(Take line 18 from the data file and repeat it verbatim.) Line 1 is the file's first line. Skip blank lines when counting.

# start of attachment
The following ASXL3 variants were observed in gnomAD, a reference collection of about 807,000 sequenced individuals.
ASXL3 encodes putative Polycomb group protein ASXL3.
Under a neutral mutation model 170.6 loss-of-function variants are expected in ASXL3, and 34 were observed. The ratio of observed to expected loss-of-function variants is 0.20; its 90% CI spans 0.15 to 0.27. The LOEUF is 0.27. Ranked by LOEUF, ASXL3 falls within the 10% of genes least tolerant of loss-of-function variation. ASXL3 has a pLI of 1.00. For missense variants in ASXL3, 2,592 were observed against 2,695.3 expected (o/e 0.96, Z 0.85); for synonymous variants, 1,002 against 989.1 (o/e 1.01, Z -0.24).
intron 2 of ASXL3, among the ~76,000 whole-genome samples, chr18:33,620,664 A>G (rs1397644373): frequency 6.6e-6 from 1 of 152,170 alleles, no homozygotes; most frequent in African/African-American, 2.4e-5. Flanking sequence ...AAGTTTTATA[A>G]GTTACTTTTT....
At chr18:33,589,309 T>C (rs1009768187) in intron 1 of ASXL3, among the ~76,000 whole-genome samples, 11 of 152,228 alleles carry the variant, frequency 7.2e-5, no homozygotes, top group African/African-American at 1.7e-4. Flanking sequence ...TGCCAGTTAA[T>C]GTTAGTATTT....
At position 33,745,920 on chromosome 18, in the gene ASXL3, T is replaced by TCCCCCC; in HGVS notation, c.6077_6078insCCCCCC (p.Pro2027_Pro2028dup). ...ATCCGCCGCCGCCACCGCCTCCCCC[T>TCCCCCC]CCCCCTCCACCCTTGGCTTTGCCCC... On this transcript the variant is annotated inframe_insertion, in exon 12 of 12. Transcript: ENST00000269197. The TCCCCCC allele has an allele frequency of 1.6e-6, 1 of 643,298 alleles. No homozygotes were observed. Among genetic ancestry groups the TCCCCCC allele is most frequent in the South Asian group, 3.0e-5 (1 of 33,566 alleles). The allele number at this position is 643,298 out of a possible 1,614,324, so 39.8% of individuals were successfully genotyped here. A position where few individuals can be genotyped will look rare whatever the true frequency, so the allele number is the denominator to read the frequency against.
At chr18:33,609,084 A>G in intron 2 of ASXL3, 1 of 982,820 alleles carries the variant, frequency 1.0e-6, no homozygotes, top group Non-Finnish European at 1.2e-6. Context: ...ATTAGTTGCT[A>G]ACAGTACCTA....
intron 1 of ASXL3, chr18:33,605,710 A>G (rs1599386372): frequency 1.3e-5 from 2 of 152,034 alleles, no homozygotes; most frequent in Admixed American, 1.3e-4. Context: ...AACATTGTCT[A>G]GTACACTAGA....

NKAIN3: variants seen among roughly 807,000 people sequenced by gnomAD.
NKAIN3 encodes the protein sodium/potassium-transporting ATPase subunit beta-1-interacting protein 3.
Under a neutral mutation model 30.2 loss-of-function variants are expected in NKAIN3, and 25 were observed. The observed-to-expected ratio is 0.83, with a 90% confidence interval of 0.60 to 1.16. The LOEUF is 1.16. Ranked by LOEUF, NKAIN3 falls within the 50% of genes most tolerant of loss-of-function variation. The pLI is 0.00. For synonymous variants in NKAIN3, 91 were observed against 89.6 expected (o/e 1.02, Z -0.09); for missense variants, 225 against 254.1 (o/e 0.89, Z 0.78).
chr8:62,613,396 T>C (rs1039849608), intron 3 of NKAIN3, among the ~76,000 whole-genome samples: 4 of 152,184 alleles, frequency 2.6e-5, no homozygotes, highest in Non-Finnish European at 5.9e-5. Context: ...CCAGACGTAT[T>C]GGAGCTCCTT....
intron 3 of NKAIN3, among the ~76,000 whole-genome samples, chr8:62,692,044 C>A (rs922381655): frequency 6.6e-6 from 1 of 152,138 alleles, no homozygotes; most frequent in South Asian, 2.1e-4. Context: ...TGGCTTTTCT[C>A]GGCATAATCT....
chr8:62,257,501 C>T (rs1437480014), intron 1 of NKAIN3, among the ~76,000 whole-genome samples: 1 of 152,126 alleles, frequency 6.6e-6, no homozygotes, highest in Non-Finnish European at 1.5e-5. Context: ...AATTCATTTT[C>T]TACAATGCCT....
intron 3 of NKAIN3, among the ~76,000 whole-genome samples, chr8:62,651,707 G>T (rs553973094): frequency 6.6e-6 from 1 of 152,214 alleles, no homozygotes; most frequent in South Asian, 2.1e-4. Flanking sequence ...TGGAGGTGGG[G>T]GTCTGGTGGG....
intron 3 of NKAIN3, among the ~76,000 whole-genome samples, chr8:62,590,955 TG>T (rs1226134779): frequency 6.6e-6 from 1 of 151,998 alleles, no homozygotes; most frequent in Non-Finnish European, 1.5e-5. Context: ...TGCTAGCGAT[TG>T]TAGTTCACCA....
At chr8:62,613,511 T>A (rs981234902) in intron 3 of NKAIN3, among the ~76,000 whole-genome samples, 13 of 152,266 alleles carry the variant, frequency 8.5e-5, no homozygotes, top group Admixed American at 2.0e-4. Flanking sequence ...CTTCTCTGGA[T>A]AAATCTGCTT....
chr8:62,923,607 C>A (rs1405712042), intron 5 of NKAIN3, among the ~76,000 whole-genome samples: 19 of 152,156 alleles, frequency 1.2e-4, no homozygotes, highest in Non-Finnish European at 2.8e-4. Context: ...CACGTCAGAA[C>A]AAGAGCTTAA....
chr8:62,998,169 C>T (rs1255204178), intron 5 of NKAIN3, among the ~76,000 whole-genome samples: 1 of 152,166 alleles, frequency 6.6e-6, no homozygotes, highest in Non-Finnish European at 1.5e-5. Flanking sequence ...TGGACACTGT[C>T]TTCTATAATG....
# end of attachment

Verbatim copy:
chr8:62,923,607 C>A (rs1405712042), intron 5 of NKAIN3, among the ~76,000 whole-genome samples: 19 of 152,156 alleles, frequency 1.2e-4, no homozygotes, highest in Non-Finnish European at 2.8e-4. Context: ...CACGTCAGAA[C>A]AAGAGCTTAA....